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Among the various world premieres scheduled at the Galway Film Fleadh on the west coast of Ireland, Stephen Wallis’s The Martini shot boasts some of the most curious plots. The drama, shot in Ireland before the pandemic, stars Matthew Modine as an ailing filmmaker who embarks on what he thinks will be his last film.
But what plays like a somber film about cinema, which took its first bow in Galway on Thursday night, turns into an existential exploration of mortality and its own profound effect on the world. He’s also, as co-star Fiona Glascott — who plays Modine’s more even-tempered producer — explains, hugely funny.
Talking with The Hollywood Reporter ahead of the premiere, the Irish actress, whose credit list includes Brooklyn, Fantastic animals (playing a young Minerva McGonagall) and the upcoming second season of the HBO series Max Julia, describes the last minute phone call that led her to sit down with Modine in Ireland less than 48 hours later, the joy of spending time with Derek Jacobi and why word ‘Martini!’ is called to the set.
Martin’s shotThe texture of looks interesting. Can you describe the film and your role in it?
The Martini shot is about a director who has a terminal illness and is making his last great work of art. And he’s also God, or he certainly has the powers of God. So he’s in Ireland. He wants to make this film. And I’m its producer. And because he’s God, he’s able to bring back great people from the past. He can do what he wants and, at the same time, he’s battling with his own demons of doctors and psychiatrists. And I’m tasked with putting all this craziness together and dealing with his capriciousness, but also trying to get him to face the reality of his life. And I think that’s one of the gifts of this film. It’s an interesting look at how we behave as people: if we’re not happy with our situation, or who we are, we’ll often try to change that person, or where we live, or go buy something, or go do something, instead of doing really what is incredibly difficult and taking the time to really look within and accept those parts of ourselves that you don’t like.
How did you get involved?
It was all last minute. Someone fell and I got a call. I believe it was a Tuesday. And they said, “Could you play this part? We need to know, because we’ll need you to film on Thursday. And it was exciting and very unusual for me in the way I work, because I really enjoy the preparation. So I kind of got jerked out of my comfort zone like that, went to Ireland and ended up sitting with the wonderful Matthew Modine, less than 48 hours later. He was kind of crazy, but it also suited the movie itself. Because it’s about trying to get people out of their comfort zone to take a look at yourself and shake things up. And what happens when you do? You start to crumble and is that a bad thing?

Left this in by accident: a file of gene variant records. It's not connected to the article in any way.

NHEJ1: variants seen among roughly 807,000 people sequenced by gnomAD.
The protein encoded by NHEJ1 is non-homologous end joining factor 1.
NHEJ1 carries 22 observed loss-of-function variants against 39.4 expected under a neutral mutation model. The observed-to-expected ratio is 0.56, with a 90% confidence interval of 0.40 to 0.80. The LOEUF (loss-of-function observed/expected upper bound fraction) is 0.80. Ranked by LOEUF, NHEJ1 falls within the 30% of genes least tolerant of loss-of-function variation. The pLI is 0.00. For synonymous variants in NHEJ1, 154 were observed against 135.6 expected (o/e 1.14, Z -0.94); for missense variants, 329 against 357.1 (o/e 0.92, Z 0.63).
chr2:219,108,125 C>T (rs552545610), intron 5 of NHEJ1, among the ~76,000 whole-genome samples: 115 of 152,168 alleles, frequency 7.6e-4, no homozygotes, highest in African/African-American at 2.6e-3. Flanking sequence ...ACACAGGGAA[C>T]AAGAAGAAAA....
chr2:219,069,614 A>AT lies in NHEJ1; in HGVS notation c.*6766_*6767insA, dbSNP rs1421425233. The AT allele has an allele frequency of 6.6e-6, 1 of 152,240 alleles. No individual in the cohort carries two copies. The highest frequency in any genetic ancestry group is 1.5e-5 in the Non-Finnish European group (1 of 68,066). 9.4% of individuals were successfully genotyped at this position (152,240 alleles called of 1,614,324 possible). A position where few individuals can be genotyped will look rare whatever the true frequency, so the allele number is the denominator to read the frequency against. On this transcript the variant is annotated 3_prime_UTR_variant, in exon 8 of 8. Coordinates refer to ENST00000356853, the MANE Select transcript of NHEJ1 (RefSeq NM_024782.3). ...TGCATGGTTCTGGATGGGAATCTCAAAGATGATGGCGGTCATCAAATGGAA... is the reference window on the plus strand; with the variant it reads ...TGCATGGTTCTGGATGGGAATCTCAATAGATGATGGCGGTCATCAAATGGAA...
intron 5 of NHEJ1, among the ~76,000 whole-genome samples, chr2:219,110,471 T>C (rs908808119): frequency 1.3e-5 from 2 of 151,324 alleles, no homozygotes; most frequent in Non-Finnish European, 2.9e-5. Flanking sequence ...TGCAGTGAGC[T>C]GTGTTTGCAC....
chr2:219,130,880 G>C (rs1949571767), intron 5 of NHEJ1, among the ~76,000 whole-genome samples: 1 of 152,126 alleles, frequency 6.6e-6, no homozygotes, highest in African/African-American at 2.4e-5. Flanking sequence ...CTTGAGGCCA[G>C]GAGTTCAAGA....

So if this godlike character played by Modine is making his latest movie, what kind of movie is it?
Here’s the interesting thing: What kind of movie would God make? But the movie that this God in this movie is making, it seems to me, he’s trying to right the wrongs, or the wrongs that we feel we’ve done, things that we haven’t said that we wish we’d said. And that’s why I think he’s bringing people back from the dead. Is it also giving these actors an opportunity to get a glimpse into their own lives and the things they would have done, like, if they’d only told their son they loved him before they died? But it does all of this in a very fun way.
As the producer of a director who may or may not be God and who is bringing actors back to life, does your character spend her time trying to control the madness?
I mean, can you imagine how complicated and difficult it would be to be that producer? He keeps changing his mind. And she gets so frustrated as she goes on as she says, not only is that actor dead, but I think there’s going to be a problem with the union. So you’ve got this really genuine woman, who’s very good at her job, trying to fix it and the director just doesn’t listen. She’s also dying and keeps coming back and having these conversations with her doctor, played by John Cleese. So he seems to be holding on to the straws and she’s trying to be the voice of reason.
In addition to Cleese and Modine, the film also stars Derek Jacobi. Did you spend a lot of time with them on set?
Unfortunately, I didn’t get to meet John Cleese, but I did get to spend some time with Sir Derek Jakobi, who is an absolutely delightful person. So hot. So sweet. So funny. I really enjoyed being with him. I love the kind of natural camaraderie and conversations that emerge. Also, what was great was the wonderful respect Matthew and Jacobi had for each other and Matthew revered Derek very much. It was really good to be around.
I didn’t know this until I started reading about this movie, but the term “Martini Shot” actually refers to the last shot of the day during filming. Were you aware of this? Is it common knowledge about throws?
I’m so glad you brought this up with me because that’s obviously a great point. Yes, you hear people say “Martini! Martini!” around the set. It’s really adorable.
I understand it was called the “Martini Shot” after a director who after his last shot would later drink a martini. They were drunk on martinis The Martini shot?
I hope that! But I think there was some Champagne. But I love that story.